The International Holocaust Controversy

Robert Kempner, Nuremberg Prosecutor

Prof. Arthur Butz
       Plaques at Auschwitz    
The Plaque at Auschwitz, Before: 4 Million
Before: Four Million
The Plaque at Auschwitz, After: 1 and a half Million
After: One and a half Million

The Producers

Nobody should be surprised to find the most sordid practices behind these trials. We have seen in Chapter 1 (pp. 40-43) that no ethical limitations were respected in the means sometimes employed to produce “evidence.” We should, therefore, take a closer look at who was in charge in Case 11. Recall that then was no substantial “indictment” process involving a grand jury, and that, as one may confirm by reading DuBois’ book, it was the prosecution in each case that decided who was to be put on trial and with what he was to be charged.

The Wilhelmstrasse Case was not really commensurate with the other cases tried before the NMT; all of the latter had had special purpose characters, as Table 4 shows (p. 35). The Ministries or Wilhelmstrasse Case, however, was somewhat like a “little IMT,” that is, people from an assortment of German government ministries were put on trial and the trial had a correspondingly wide scope. Thus, it was split into an “economic ministries section” and a “political ministries section,” each of which had different prosecution staffs.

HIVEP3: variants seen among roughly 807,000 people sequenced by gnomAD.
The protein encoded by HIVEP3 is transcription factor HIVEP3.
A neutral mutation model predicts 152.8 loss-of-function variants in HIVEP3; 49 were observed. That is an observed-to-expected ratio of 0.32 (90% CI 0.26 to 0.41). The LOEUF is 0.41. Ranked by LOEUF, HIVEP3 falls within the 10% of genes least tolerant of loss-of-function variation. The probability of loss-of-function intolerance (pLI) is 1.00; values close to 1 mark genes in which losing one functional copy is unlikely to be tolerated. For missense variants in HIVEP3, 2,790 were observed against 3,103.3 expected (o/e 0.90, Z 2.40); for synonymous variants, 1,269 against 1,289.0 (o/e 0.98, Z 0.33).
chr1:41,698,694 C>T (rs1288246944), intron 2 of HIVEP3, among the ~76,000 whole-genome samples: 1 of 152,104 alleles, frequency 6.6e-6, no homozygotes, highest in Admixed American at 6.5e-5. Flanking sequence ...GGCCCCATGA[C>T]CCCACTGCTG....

The important section from our point of view and, indeed, the most politically important case to come before the NMT was the political ministries section of Case 11, whose chief prosecutor was Robert M. W. Kempner, who has quite a history. It is very useful to present a short summary here of the “high” points of his career.

Kempner, a Jew, was born in Germany in 1899, studied law, and joined the Prussian Ministry of Interior during the Twenties. In the years 1928-1933, he was a senior counsel for the Prussian State Police (under the Ministry of the Interior) and specialized in investigating the rising Nazi Party. He became an anti-Nazi crusader in his official capacity and energetically attempted, without success, to have the party outlawed.